Let us start in the present - where sweat and rumour are hard at work - and work steadily backwards: this season's Champions League campaign is beginning to look strangely reminiscent of last year's efforts, where City ended up with ten points, only to find a poor start had scuppered chances of progression. So far we have the poor start nailed. If nine points are to follow from Ajax at home, Real at home and Dortmund away, there won't be a dry pair of trousers in the house. I for one will be available for interview at the top of Mount Fuji wearing an alan ball shell suit and an empty jar of family sized pickled onions as a hat.

What has befallen us so far? City have managed to...

  • lose a nerve-shredding game 2-3 in Madrid, after leading one-nil and two-one with three minutes left to play. Shots 20:8 in favour of the home side.
  • draw a game at home to Dortmund in which the visitors pummelled us for almost the entire match and we got off a very uncomfortable hook with a last minute penalty. Shots 20:12 in favour of Borussia; Joe Hart the clear and obvious man of the match.
  • lose in Amsterdam against a vastly less experienced Ajax side. Shots on and off, 14:14
These three games have rendered one solitary point, seven goals conceded and more shots towards our goal than any other side in the tournament, including the likes of Lille, Nordsjaelland and other so-called "punchbag" sides in reasonably difficult groups.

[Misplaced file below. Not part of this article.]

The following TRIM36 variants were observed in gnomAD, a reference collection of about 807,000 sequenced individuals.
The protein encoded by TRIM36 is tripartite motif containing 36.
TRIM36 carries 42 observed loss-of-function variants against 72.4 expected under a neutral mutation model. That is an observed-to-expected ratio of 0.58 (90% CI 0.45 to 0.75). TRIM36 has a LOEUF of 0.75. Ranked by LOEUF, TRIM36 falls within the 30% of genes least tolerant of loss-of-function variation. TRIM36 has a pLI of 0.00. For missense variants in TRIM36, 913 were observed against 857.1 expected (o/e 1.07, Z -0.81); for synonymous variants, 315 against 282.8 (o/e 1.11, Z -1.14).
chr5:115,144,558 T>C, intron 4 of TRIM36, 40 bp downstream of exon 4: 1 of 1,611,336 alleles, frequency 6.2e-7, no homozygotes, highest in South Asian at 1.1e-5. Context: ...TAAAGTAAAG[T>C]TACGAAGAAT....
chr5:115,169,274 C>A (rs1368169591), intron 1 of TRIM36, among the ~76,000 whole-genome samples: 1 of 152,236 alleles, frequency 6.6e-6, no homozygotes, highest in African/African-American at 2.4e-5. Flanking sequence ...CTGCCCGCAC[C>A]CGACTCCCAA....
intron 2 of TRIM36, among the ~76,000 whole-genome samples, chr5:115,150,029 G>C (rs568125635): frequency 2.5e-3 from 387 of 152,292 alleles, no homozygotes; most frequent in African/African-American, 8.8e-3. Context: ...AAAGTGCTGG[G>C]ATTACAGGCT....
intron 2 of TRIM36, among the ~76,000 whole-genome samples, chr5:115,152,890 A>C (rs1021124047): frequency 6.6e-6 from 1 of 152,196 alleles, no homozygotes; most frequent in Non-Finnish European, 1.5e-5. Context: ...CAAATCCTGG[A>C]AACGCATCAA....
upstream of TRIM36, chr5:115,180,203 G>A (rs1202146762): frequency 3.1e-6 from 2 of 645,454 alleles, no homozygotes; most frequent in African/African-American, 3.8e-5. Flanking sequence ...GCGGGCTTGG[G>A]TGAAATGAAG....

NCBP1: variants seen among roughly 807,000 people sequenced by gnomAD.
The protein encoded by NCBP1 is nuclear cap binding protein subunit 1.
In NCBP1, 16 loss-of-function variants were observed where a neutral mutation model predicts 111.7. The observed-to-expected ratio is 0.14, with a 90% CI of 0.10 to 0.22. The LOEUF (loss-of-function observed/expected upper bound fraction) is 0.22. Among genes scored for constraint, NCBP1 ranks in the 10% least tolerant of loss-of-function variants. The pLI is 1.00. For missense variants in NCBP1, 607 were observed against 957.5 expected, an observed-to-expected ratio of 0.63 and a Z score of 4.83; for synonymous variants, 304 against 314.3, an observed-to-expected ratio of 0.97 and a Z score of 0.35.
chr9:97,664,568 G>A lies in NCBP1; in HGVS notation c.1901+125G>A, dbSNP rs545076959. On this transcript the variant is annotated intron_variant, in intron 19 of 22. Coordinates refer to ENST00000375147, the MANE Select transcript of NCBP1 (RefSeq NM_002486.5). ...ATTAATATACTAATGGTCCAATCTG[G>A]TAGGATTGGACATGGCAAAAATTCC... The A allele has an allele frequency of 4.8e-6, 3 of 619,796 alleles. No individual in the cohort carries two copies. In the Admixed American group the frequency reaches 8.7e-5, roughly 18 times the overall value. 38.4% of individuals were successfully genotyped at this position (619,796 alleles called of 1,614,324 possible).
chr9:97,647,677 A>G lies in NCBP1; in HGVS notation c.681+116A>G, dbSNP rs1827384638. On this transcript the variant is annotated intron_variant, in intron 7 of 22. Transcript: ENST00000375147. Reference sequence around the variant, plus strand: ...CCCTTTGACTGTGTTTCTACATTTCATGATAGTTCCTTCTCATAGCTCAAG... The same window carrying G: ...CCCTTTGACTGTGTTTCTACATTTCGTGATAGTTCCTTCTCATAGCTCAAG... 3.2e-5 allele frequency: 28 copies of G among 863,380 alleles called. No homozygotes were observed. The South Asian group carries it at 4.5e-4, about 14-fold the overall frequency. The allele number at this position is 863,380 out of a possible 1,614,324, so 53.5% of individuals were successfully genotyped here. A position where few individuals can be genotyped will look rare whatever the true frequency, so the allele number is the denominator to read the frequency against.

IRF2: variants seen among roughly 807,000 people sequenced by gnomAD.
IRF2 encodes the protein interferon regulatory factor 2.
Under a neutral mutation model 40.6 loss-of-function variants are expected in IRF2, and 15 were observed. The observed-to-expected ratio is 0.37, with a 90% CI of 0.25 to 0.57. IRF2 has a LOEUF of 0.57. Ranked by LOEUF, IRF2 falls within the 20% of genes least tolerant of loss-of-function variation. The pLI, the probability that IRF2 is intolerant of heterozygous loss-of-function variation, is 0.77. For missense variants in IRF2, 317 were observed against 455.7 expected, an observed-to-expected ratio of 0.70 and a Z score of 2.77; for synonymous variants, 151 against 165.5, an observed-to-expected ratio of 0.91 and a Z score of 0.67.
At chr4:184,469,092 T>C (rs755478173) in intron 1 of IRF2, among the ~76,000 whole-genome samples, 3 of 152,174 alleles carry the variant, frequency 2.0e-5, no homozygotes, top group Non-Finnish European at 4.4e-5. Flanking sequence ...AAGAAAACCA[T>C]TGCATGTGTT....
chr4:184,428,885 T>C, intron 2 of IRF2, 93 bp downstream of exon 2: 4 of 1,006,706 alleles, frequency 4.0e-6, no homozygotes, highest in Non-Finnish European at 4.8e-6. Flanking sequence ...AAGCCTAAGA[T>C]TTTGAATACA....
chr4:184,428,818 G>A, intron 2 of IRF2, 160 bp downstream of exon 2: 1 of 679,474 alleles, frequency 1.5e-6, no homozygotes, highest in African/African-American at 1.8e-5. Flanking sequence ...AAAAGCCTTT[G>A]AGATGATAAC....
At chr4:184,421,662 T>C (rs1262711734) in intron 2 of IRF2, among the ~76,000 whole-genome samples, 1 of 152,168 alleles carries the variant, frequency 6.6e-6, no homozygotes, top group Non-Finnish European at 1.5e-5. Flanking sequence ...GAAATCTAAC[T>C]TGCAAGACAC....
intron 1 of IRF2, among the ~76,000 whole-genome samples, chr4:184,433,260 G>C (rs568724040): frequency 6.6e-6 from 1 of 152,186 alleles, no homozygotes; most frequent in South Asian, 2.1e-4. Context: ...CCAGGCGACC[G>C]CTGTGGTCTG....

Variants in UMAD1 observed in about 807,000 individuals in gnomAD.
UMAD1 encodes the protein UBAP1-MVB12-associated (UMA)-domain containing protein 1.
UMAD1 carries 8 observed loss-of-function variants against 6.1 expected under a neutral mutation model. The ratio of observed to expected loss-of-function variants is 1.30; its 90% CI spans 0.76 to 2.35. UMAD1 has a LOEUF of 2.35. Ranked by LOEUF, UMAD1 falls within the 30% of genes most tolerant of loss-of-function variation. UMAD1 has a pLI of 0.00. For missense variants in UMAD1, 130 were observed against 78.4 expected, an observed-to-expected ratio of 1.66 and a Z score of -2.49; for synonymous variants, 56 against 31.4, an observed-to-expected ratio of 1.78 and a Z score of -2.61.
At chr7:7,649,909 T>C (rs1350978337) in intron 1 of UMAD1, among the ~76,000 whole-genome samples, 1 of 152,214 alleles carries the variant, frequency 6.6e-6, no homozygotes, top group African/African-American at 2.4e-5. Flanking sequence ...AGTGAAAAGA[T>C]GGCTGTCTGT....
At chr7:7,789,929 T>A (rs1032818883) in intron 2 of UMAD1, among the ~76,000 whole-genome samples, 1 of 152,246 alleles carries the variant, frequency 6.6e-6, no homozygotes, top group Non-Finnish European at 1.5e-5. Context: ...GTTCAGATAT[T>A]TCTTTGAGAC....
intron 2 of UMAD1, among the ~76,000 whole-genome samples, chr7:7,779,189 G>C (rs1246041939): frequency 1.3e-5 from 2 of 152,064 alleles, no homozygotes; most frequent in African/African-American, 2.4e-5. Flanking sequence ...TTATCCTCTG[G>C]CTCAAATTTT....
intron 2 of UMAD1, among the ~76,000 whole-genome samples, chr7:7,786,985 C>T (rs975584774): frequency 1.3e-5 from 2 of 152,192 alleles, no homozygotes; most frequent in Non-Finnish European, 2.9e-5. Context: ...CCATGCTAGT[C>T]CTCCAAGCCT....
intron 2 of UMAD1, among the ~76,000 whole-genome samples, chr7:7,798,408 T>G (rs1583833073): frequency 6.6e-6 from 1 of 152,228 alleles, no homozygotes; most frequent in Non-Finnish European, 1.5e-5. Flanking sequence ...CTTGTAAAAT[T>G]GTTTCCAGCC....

Last season's campaign has been well documented. The Champions League panned out thus in 2011-12:
  • a home draw with Napoli where the away side surprised us with its powerful fluid counter-attacking, making it necessary to come back from a goal down
  • a 2-0 defeat in Munich, after a lively, bright opening 20 minutes, but eventually 17:6 shots ratio and a ratio on the bench of One Reluctant Argentinian:One Steaming Furious Italian
  • a last gasp 2-1 win over Villareal, the group's whipping boys, who still manage 13 shots on our goal and to hold out at 1-1 until the 93rd minute.
  • an easy 3-0 win away to Villareal against a side whose confidence is beginning to slip away, as they were rooted to the bottom of the group and struggling surprisingly in La Liga.
  • a critical 2-1 defeat in Naples against a fiery, punishing home side, backed by a volatile crowd made up of 65,000 torch bearers. Difficult place to get the result we needed, but scored only one (from Balotelli) from 14 chances.
  • a 2-0 home win over already qualified Bayern, who played a quasi-reserve side 
The  totals under Roberto Mancini are thus: Played 9; Won 3; Drawn 2; Lost 4; For 13; Against 13

Some of this can be put down to bad luck, some of it to beginners nerves, inexperience, a dodgy UEFA coefficient, dogs barking outside the hotel windows all night and some oddly shaped and less than fragrant southern Italian gnocchi, but not all of it. When we add Roberto Mancini's distinctly ropey record with Inter, debate becomes a little more lively.